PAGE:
The next monumental shift in design requires us to think of design systems as a service and not a product. We tend to think of a design system as a “product serving products,” but I think that does a disservice to the relationships, negotiation, compromise, and human interaction that makes working on systems so challenging and rewarding.

Daniel Eden, Product Designer at Facebook

jerel johnson

15. Design systems will only grow in importance

We will continue to see the rise of design systems in response to scaling design teams, templatization, and increased reliance on machine learning and AI-based content. Designers will add procedural literacy and algorithmic thinking to their skillsets to meet the needs and manifest the desires of people.

Jerel Johnson, Sr. Product Designer at Backpack Health

una kravets

16. Flat design will no longer be a focus

I think we’ll see a lot more creativity in interfaces in the coming year as we move away from flat design, with interaction and accessibility in mind.

Una Kravets, Sr. UI Engineer at DigitalOcean

isha kasliwal

17. Design systems will bridge the gap across departments

Design trends for the next year will definitely include, just like this year, an uptick in design systems. More and more companies are learning the benefits of systemizing design, especially how it bridges the gaps between product, design, and engineering. Also, I feel like 3D modeling and 3D visualizations are continuing to grow in popularity. I can imagine showing depth in UI will be trendy as a result of that.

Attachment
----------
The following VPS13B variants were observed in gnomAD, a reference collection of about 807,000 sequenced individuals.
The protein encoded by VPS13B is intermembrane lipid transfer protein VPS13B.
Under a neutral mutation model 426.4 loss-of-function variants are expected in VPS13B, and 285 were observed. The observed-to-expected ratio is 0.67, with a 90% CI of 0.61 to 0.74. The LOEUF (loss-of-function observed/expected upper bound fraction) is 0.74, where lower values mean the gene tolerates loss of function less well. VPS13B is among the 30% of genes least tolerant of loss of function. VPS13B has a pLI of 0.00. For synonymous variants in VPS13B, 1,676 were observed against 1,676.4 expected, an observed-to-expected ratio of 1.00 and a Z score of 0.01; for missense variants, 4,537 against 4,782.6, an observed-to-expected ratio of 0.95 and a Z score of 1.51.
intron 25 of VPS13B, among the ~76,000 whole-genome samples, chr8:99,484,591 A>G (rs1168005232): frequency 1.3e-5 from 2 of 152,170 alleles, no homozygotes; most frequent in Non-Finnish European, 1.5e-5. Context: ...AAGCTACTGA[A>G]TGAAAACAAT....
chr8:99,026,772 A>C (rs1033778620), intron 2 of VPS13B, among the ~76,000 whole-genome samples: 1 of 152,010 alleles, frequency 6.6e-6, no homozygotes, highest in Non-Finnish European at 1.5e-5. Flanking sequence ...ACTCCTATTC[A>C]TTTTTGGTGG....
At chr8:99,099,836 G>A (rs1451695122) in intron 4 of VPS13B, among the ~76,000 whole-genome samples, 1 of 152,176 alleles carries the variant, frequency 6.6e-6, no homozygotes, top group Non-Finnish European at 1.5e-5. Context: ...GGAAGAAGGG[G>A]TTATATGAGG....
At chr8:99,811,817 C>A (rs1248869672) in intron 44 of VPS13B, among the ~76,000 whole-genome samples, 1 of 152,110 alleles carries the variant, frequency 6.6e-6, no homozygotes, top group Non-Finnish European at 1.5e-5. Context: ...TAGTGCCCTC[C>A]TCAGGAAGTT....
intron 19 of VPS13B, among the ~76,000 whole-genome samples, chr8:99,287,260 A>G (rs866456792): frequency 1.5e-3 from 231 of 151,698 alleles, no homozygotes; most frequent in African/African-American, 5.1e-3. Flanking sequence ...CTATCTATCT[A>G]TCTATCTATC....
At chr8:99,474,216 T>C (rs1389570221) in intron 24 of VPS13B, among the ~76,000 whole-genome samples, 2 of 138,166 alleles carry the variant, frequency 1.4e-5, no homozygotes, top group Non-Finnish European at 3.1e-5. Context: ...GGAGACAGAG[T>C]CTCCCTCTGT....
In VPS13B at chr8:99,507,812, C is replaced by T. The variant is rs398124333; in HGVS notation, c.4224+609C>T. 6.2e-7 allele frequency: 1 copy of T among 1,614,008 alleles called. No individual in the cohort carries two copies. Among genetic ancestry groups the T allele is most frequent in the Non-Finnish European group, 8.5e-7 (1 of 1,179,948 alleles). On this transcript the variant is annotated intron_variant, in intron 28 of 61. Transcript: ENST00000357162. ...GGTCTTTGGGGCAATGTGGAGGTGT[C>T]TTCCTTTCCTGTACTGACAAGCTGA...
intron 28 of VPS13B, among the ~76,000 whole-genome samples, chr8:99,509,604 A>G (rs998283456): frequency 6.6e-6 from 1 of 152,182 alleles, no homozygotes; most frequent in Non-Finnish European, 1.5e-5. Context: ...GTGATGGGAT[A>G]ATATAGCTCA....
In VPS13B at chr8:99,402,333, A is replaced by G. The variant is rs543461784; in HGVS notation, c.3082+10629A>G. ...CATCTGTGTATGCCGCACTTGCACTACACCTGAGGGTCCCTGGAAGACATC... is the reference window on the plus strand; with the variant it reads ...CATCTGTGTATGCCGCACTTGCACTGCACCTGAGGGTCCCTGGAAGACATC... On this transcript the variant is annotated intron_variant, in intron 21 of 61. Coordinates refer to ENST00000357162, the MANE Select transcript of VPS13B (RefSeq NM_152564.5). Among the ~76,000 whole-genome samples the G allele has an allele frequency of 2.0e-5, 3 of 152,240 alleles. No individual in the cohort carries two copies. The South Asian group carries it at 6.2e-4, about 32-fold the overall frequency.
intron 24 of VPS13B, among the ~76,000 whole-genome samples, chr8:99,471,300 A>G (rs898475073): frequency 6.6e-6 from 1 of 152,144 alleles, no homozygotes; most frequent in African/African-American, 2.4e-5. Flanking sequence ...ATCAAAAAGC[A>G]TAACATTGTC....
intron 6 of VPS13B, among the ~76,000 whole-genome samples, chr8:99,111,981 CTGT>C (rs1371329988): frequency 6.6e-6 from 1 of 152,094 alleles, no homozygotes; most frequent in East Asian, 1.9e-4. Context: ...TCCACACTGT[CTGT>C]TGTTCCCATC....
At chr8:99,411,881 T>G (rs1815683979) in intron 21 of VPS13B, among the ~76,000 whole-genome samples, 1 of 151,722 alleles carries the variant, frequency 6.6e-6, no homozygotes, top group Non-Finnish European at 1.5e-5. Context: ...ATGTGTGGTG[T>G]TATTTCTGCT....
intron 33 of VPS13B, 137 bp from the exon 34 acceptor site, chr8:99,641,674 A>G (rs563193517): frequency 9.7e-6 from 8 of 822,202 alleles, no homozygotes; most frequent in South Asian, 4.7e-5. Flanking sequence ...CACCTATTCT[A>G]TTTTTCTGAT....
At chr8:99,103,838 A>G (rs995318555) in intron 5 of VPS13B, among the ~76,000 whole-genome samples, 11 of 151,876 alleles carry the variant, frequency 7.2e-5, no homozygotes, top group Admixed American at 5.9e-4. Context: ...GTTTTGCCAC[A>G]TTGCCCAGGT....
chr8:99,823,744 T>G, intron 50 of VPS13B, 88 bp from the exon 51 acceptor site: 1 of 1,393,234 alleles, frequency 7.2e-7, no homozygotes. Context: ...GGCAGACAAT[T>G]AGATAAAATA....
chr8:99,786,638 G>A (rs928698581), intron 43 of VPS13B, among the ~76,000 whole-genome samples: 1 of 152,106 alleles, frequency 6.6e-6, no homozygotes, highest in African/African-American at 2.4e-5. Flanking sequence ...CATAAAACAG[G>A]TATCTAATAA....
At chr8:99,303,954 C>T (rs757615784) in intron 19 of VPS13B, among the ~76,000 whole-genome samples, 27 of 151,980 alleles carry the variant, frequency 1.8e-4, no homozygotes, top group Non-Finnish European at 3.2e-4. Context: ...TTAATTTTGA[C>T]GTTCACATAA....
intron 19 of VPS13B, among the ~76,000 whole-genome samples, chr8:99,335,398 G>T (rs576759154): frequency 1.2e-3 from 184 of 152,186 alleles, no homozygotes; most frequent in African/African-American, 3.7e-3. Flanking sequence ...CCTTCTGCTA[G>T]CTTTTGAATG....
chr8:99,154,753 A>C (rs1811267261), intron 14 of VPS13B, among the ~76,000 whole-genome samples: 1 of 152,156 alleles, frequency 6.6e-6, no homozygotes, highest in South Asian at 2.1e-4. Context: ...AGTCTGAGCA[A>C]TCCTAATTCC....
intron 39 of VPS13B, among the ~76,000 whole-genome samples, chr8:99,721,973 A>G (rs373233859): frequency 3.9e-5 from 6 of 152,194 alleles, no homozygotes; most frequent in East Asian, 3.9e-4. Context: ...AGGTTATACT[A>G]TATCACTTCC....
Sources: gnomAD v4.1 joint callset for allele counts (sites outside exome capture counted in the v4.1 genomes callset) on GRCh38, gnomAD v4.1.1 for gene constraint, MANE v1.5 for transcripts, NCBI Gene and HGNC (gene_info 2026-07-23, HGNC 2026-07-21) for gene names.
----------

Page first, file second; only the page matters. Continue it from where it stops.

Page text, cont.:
Isha Kasliwal, Senior UI/UX Designer/Developer at Twitch

miriam suzanne

18. Improvements in CSS will affect web design in surprising ways

There’s a lot to be excited about in CSS — integrating new tools, like Grid and Custom Properties, with existing features like Calc and Viewport Units. Modern CSS allow a new level of interaction, responsiveness, and data-visualization that previously required extensive Javascript involvement. I’m excited to see what new trends grow out of that technology.

Miriam Suzanne, Designer and Developer at OddBird

An honorary mention goes to…